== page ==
the other critics

Rodriguez at His Best, Lam Underwhelms, and the Rodarte Wearability Debate

So many runway reviews! To save you time (can’t be late for Zac, after all), we’ve been compiling critical response all week.

Narciso Rodriguez
Critics praised Narciso Rodriguez’s show as an edgy, sexy departure from his minimalist style. “The collection was as fresh-looking as it was varied,” asserted Cathy Horyn. Samantha Critchell of the Associated Press declared that Rodriguez “veered from his signature,” and WWD agreed that he “let loose … to daringly brazen effect.” Banded black-and-white-striped dresses were stand-outs — “It was all hot and sexy,” affirmed WWD. But with the addition of flowing chiffon gowns and embroidered dresses, “the elevated sense of sexiness didn’t come at the expense of pretty,” noted, concluding, “this was Rodriguez at his loosest and best.”

Watch a slideshow and video of the Narciso Rodriguez collection.

Derek Lam
Critics were mostly underwhelmed by Derek Lam’s California-inspired collection of flowing, silky sportswear. Suzy Menkes called the collection “pleasant but characterless,” adding “it was as if nothing had been quite developed creatively.” “Flesh tones were a big story here,” observed British Vogue, a palette that WWD thought underscored the “too-serene mood.” Many reviewers praised the easy movement of the clothing: Fashion Week Daily called the styles “seductively fluid,” and Eric Wilson of the New York Times found it “unusually casual and relaxed.” But “[u]nfortunately the collection as a whole failed to generate enough heat to keep this crowd interested,” concluded.

Watch a slideshow and video of the Derek Lam collection.

Betsey Johnson
Betsey Johnson unleashed a fanciful — and surprisingly sexy — show that included cupcakes, pirates, and clowns. The designer delivered a dose of her signature girlie glamour “which at this point she could provide in her sleep,” Fashion Wire Daily observed. British Vogue called the collection of hoop skirts, nighties, rompers, and floral prints “joyful and exuberant,” and WWD applauded Johnson’s “delightful imagination.” The playful theme didn’t dampen the collection’s sex appeal: Fashion Week Daily found the clothing “both Scarlett O’Hara-inspired and very Lolita looking,” and agreed: “Although it was a romp, this was no Romper Room.” Apart from denim jackets and the “wench-worthy” off-the-shoulder dresses, most reviewers pondered how some of the zany styles would translate to retail (“the Little Bo Peep dresses would make great sundresses if you took the hoops out,” suggested Samantha Critchell of the Associated Press), “but arrrgh, it was just plain fun,” shrugged WWD.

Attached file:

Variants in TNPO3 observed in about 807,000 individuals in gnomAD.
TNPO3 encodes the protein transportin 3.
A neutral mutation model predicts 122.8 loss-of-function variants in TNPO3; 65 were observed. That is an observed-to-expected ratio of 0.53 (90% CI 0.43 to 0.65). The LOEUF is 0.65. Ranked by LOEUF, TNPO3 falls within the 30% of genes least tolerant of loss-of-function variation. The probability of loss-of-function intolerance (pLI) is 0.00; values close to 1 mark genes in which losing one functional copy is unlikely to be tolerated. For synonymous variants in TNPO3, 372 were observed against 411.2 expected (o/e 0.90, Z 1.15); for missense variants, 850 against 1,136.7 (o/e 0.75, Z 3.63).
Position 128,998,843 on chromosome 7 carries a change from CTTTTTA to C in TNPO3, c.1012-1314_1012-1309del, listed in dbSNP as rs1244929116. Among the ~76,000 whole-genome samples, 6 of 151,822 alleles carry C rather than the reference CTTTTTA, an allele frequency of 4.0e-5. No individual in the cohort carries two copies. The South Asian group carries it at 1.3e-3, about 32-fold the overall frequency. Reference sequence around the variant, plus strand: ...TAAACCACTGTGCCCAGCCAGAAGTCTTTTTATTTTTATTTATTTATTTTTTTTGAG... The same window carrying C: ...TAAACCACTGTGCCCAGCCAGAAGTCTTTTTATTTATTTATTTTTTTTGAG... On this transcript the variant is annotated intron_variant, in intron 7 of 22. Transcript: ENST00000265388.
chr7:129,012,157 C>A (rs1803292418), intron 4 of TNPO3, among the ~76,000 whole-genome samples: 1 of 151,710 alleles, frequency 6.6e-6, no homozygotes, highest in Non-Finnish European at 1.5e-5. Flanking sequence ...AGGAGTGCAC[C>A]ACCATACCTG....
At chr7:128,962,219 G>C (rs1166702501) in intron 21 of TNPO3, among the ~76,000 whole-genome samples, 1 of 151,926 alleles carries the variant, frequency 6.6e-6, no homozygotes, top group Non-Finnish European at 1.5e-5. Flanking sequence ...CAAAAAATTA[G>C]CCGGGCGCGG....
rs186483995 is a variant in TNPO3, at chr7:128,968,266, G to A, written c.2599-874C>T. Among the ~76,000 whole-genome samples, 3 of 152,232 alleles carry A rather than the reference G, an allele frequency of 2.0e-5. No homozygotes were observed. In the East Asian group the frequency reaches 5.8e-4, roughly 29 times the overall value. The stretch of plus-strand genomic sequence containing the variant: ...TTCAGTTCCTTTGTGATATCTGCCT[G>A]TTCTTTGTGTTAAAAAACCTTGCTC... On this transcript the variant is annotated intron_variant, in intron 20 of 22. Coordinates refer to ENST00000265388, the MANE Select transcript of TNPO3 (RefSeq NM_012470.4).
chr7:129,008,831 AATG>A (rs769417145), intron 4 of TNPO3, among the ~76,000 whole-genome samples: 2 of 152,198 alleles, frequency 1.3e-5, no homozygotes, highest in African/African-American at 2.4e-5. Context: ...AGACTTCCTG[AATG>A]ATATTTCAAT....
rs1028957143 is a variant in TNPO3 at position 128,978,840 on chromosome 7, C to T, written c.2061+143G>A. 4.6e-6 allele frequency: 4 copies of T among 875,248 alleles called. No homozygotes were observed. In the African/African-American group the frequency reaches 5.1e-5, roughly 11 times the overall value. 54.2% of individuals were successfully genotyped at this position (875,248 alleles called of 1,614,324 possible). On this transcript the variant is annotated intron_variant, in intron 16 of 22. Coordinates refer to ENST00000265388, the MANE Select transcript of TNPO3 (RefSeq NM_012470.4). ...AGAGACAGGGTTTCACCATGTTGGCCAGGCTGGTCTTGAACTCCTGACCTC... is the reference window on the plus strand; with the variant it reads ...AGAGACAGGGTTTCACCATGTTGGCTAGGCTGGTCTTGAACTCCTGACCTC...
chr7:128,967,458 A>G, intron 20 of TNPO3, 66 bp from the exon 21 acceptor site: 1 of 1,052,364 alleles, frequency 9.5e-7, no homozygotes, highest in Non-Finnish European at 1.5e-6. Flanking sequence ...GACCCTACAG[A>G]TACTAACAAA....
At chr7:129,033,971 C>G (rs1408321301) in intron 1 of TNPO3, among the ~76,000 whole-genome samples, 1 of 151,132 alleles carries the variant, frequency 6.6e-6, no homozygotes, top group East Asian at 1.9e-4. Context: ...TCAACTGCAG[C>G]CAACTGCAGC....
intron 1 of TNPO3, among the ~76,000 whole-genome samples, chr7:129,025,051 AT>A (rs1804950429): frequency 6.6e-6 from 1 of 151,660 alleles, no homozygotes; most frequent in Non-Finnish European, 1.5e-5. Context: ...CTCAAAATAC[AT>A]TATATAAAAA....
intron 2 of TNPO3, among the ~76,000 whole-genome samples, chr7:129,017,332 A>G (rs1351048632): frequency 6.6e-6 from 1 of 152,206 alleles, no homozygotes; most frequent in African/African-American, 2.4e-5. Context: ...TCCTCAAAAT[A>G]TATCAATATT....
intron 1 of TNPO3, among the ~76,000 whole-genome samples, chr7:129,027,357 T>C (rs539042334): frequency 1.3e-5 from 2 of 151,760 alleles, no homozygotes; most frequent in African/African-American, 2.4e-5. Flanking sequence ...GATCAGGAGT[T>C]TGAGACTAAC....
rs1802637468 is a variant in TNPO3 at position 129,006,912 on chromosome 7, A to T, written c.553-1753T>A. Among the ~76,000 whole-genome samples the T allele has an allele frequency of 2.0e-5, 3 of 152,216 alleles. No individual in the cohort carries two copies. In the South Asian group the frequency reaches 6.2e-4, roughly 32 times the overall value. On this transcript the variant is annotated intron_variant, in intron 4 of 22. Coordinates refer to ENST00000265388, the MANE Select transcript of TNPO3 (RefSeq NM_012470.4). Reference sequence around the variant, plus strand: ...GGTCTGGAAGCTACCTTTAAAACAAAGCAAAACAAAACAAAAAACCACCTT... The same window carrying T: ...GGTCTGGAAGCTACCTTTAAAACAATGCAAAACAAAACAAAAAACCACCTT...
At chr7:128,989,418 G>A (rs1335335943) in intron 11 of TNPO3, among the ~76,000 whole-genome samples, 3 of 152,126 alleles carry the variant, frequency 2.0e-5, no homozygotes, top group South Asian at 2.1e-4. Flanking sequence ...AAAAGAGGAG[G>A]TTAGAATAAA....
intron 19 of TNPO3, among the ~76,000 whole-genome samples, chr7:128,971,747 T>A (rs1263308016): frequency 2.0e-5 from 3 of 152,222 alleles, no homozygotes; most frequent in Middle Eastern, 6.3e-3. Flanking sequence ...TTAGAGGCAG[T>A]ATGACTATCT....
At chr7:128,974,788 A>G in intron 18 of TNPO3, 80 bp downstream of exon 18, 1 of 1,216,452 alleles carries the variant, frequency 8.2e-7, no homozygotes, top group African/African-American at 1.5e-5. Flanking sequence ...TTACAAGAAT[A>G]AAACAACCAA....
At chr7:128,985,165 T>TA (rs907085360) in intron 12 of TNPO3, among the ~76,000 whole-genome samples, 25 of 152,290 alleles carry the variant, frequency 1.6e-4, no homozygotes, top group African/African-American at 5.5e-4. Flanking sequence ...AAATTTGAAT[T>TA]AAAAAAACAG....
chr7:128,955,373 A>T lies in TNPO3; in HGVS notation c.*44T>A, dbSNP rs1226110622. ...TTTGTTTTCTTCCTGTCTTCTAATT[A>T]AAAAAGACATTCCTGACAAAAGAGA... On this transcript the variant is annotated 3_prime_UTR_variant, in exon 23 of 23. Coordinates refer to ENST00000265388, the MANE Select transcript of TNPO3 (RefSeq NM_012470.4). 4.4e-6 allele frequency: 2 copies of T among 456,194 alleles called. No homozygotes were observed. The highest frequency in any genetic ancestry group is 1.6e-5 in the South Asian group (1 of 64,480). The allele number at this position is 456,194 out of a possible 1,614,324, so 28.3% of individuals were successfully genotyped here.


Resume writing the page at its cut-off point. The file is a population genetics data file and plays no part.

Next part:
Watch a slideshow and video of the Betsey Johnson collection.

Rodarte presented a collection of vibrant goddess gowns, weathered knits, and leather jackets that Fashion Wire Daily declared “simply sensational.” British Vogue called it tough and tender, noting many pieces felt like “something the model had tucked away in the furthest reaches of her closet.” Several critics praised the Mulleavys’ efforts to enhance the wearability of their collection while maintaining their wild originality. Suzy Menkes of the International Herald Tribune applauded the “attempt to broaden the range of this quirky brand,” and sighed, “It is a relief to see designers bringing something from a wellspring of inspiration, rather than just making regular clothes.” WWD concurred, calling the show a “beautiful, provocative trip” and asserting “these ladies will not allow merch madness to trump their vision.” disagreed, however, carping, “more down-to-earth-wearable pieces would be welcome,” and Cathy Horyn of the New York Times complained that the pair “didn’t seem to have a woman in mind when they put together these clothes.” But nevertheless, Godfrey Deeny of Fashion Wire Daily loved it most, lauding the sisters’ “creative fire power, sheer inventiveness and gutsy sense of innovation,” and calling the show “the fashion moment of New York this season.”

Watch a slideshow of the Rodarte collection.

Marc by Marc Jacobs
Critics applauded the youthful Marc by Marc Jacobs collection as “a compelling sort of coda” to his much-acclaimed Marc Jacobs show. “Jacobs’s secondary line is all about color, optimism, and great American style,” assessed British Vogue, calling the line “cute, fun, and young.” The baby-doll dresses, denim, button-downs, and trenches had a “wrinkled, crinkled, just-out-of-bed ease,” observed WWD, adding “there’s a lot to be said for the rumpled look.” Suzy Menkes particularly loved the accessories — from fez hats to beaded necklaces to seriously cool footwear — declaring the collection “both commercial and cool.” WWD summed up the spring line’s casual-chic style: “Think playful, through and through.”

Watch a slideshow and video of the Marc by Marc Jacobs collection.

Rodriguez at His Best, Lam Underwhelms, and the Rodarte Wearability Debate